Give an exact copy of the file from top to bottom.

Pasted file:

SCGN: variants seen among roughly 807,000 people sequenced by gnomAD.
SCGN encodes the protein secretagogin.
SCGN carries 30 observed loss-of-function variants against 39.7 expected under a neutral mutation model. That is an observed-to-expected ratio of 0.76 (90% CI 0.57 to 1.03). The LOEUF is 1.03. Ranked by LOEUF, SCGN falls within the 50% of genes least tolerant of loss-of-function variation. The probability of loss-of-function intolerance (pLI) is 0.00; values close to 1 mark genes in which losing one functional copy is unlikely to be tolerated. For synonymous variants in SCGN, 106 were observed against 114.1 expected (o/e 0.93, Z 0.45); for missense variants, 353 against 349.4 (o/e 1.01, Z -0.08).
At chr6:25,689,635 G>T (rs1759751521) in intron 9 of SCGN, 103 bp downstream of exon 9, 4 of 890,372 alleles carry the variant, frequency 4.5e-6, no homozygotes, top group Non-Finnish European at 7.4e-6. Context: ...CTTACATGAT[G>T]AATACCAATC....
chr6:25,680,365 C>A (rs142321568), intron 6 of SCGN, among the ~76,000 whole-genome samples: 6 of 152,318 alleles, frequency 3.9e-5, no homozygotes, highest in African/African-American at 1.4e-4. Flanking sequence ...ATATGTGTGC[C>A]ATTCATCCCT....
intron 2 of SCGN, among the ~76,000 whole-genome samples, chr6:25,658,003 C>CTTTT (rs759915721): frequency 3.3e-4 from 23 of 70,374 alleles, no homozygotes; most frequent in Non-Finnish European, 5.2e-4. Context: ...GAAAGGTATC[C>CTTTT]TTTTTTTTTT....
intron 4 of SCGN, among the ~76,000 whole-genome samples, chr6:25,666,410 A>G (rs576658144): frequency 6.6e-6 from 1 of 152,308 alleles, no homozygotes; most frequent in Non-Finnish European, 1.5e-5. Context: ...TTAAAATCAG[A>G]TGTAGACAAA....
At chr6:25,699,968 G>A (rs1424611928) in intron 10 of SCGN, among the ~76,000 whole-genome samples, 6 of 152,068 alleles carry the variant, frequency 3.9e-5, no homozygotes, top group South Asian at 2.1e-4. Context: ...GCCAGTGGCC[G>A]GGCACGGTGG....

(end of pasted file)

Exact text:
SCGN: variants seen among roughly 807,000 people sequenced by gnomAD.
SCGN encodes the protein secretagogin.
SCGN carries 30 observed loss-of-function variants against 39.7 expected under a neutral mutation model. That is an observed-to-expected ratio of 0.76 (90% CI 0.57 to 1.03). The LOEUF is 1.03. Ranked by LOEUF, SCGN falls within the 50% of genes least tolerant of loss-of-function variation. The probability of loss-of-function intolerance (pLI) is 0.00; values close to 1 mark genes in which losing one functional copy is unlikely to be tolerated. For synonymous variants in SCGN, 106 were observed against 114.1 expected (o/e 0.93, Z 0.45); for missense variants, 353 against 349.4 (o/e 1.01, Z -0.08).
At chr6:25,689,635 G>T (rs1759751521) in intron 9 of SCGN, 103 bp downstream of exon 9, 4 of 890,372 alleles carry the variant, frequency 4.5e-6, no homozygotes, top group Non-Finnish European at 7.4e-6. Context: ...CTTACATGAT[G>T]AATACCAATC....
chr6:25,680,365 C>A (rs142321568), intron 6 of SCGN, among the ~76,000 whole-genome samples: 6 of 152,318 alleles, frequency 3.9e-5, no homozygotes, highest in African/African-American at 1.4e-4. Flanking sequence ...ATATGTGTGC[C>A]ATTCATCCCT....
intron 2 of SCGN, among the ~76,000 whole-genome samples, chr6:25,658,003 C>CTTTT (rs759915721): frequency 3.3e-4 from 23 of 70,374 alleles, no homozygotes; most frequent in Non-Finnish European, 5.2e-4. Context: ...GAAAGGTATC[C>CTTTT]TTTTTTTTTT....
intron 4 of SCGN, among the ~76,000 whole-genome samples, chr6:25,666,410 A>G (rs576658144): frequency 6.6e-6 from 1 of 152,308 alleles, no homozygotes; most frequent in Non-Finnish European, 1.5e-5. Context: ...TTAAAATCAG[A>G]TGTAGACAAA....
At chr6:25,699,968 G>A (rs1424611928) in intron 10 of SCGN, among the ~76,000 whole-genome samples, 6 of 152,068 alleles carry the variant, frequency 3.9e-5, no homozygotes, top group South Asian at 2.1e-4. Context: ...GCCAGTGGCC[G>A]GGCACGGTGG....